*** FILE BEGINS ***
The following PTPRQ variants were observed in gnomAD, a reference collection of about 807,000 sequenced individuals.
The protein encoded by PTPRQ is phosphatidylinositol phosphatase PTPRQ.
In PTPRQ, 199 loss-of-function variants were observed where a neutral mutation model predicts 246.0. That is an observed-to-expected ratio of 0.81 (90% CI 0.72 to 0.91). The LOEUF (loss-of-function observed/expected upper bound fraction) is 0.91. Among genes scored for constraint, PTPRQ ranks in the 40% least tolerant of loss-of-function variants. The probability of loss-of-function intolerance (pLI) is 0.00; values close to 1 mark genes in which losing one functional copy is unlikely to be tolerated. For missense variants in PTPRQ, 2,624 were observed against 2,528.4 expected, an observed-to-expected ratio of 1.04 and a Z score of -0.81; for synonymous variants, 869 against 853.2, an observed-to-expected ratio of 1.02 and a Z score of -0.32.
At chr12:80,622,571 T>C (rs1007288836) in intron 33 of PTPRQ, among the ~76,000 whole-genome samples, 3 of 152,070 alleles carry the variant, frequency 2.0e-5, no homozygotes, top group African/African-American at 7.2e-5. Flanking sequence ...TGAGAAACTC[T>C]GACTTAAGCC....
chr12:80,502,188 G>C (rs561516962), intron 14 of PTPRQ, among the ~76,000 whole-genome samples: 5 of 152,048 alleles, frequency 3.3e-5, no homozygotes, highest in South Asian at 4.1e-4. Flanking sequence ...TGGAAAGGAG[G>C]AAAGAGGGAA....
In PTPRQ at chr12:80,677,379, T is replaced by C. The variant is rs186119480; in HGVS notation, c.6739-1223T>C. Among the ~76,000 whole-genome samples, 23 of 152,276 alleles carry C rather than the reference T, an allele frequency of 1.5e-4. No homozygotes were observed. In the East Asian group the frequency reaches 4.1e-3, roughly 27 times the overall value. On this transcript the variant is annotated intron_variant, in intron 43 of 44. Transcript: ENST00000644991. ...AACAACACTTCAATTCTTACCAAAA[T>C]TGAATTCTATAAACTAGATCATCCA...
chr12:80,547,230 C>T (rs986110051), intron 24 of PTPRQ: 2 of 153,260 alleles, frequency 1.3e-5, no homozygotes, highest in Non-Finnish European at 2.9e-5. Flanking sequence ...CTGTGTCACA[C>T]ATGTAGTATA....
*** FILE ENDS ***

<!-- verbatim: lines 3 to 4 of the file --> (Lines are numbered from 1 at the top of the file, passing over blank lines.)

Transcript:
In PTPRQ, 199 loss-of-function variants were observed where a neutral mutation model predicts 246.0. That is an observed-to-expected ratio of 0.81 (90% CI 0.72 to 0.91). The LOEUF (loss-of-function observed/expected upper bound fraction) is 0.91. Among genes scored for constraint, PTPRQ ranks in the 40% least tolerant of loss-of-function variants. The probability of loss-of-function intolerance (pLI) is 0.00; values close to 1 mark genes in which losing one functional copy is unlikely to be tolerated. For missense variants in PTPRQ, 2,624 were observed against 2,528.4 expected, an observed-to-expected ratio of 1.04 and a Z score of -0.81; for synonymous variants, 869 against 853.2, an observed-to-expected ratio of 1.02 and a Z score of -0.32.
At chr12:80,622,571 T>C (rs1007288836) in intron 33 of PTPRQ, among the ~76,000 whole-genome samples, 3 of 152,070 alleles carry the variant, frequency 2.0e-5, no homozygotes, top group African/African-American at 7.2e-5. Flanking sequence ...TGAGAAACTC[T>C]GACTTAAGCC....